Earlier in September, fires destroyed Moria refugee camp, an overcrowded facility on the Greek island of Lesvos, leaving 11,000 asylum seekers without shelter and sleeping out in the open in streets, fields and beaches.

Moria is the largest of five centres on Greece’s Aegean islands and has become a symbol of Europe’s response to the arrival of asylum seekers and migrants on boats from nearby Turkey.

Before the devastating fires, conditions at the camp were already extremely dire.

The centre was constructed to shelter around 2,200 people, but the population has swelled to over 18,000. People were without even the basics in terms of hygiene, toilets, security and medical services.

Families were forced to queue for hours to get food, water and to wash, electricity cuts have been frequent and each toilet in the informal settlement has been shared by more than 100 people.

One of the main reasons for the strained resources has been the lack of action on the transfer of asylum seekers to appropriate accommodation on the mainland. While new people keep arriving, few have been able to leave – and the numbers keep growing.

Sardar used to work as a doctor at a hospital in northern Afghanistan where he lived with his family before he was forced to flee his country.

He was living in a small tent on the edge of the centre with his wife, their four children as well as his father-in-law who was blinded in a rocket attack several years ago and needs care.

Earlier in September fires destroyed Moria refugee camp, the largest of the five centres on Greece's Aegean islands. © UNHCR/A. Zavallis

Life is very difficult here... Conditions in this camp are not acceptable,” Sardar said.

“The life here in Moria one day [it will] finish, and we can go to a good place, which we can make our future good.”

Sardar spent most days lining up to collect rations of food and water. One day, he went with his children to a communal water point. The taps had run dry so they were unable to fill their plastic bottles.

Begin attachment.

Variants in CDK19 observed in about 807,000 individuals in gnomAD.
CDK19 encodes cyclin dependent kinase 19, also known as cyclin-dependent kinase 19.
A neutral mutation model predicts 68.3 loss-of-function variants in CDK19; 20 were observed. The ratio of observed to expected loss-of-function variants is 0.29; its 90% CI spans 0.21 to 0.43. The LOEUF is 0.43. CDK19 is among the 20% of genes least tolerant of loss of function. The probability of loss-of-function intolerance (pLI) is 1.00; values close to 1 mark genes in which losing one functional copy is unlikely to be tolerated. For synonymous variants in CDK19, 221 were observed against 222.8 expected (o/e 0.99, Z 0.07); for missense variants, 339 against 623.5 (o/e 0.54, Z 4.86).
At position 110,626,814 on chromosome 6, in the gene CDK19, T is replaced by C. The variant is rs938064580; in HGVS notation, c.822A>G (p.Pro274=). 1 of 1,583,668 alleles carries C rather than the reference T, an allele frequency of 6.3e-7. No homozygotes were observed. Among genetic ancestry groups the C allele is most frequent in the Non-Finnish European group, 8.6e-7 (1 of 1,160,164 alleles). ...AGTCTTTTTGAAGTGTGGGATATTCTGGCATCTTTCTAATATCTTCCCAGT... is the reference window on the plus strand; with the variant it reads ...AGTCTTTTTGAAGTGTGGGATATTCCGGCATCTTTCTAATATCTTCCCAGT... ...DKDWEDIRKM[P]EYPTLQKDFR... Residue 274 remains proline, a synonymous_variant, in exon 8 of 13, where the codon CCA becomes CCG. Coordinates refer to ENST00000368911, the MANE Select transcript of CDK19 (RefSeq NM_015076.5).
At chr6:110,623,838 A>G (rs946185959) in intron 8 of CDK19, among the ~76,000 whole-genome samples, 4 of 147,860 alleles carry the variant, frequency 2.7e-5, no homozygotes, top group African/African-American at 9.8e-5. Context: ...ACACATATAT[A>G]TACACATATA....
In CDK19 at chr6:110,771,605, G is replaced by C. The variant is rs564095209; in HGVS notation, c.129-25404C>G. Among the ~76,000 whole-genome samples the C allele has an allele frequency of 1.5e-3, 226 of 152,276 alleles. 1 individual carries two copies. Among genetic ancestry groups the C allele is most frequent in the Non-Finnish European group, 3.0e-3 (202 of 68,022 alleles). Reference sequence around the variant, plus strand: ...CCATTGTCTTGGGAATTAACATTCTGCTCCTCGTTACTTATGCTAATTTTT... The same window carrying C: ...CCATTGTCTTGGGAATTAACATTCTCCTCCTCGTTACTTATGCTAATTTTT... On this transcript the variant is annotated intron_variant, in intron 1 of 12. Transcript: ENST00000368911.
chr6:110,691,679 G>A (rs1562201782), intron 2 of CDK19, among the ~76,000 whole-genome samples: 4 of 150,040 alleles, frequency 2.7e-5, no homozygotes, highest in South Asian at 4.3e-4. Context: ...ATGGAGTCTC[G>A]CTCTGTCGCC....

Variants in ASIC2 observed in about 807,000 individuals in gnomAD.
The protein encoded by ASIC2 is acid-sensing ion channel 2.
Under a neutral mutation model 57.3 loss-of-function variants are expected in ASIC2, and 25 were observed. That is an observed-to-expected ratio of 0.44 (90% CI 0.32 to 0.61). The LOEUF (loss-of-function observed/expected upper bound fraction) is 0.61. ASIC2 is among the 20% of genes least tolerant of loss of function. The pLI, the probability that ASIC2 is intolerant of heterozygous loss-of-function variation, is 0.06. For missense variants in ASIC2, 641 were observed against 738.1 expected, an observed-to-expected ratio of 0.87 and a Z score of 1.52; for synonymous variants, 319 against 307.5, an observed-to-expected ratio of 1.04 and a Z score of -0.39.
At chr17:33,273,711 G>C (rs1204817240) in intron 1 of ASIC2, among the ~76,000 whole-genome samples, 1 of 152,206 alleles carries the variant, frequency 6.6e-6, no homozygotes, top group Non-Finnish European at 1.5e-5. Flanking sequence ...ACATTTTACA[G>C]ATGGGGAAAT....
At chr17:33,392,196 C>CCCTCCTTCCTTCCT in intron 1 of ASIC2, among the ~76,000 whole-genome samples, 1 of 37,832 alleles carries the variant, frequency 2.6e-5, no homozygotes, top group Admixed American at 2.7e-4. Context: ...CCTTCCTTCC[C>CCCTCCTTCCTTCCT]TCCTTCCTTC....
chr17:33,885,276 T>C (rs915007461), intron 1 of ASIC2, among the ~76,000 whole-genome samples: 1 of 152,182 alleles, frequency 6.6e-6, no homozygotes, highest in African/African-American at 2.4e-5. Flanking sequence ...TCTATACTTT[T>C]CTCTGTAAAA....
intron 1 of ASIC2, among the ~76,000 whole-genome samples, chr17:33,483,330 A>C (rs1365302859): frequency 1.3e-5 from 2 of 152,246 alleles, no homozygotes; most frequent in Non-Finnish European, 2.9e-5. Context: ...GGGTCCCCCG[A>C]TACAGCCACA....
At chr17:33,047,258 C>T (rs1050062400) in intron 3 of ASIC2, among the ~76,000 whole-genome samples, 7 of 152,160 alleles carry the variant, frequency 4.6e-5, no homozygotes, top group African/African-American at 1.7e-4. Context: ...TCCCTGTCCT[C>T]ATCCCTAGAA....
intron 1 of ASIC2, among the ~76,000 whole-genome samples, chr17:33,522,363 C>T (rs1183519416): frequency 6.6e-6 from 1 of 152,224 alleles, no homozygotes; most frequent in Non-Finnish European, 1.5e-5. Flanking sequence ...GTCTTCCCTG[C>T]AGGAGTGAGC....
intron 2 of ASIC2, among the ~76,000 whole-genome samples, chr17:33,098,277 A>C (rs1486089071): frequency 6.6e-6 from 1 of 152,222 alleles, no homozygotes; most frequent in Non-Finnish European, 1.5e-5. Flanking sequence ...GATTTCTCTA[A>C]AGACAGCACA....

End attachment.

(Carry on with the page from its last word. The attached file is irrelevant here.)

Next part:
“In every family one person should spend all the day for the line of food. When we arrived here we see there is no water. Now we must go without water again to home. It's our daily life.”

Authorities have tried improving the situation for people considered most vulnerable but the increase in numbers means people are forced to wait for the help they need.

The fires at Moria in September reinforce the long-standing need to take action to improve living conditions, alleviate overcrowding, and improve security, infrastructure and access to services in all five reception centres on the Greek islands.

UNHCR is once again urging Greece to intensify efforts to address overcrowding and improve conditions and has appealed to the Greek government to use emergency measures to expedite its plans to transfer a greater number of asylum-seekers to appropriate accommodation on the mainland.

Sardar used to work as a doctor at a hospital in northern Afghanistan where he lived with his family before he was forced to flee his country. © UNHCR/A. Zavallis

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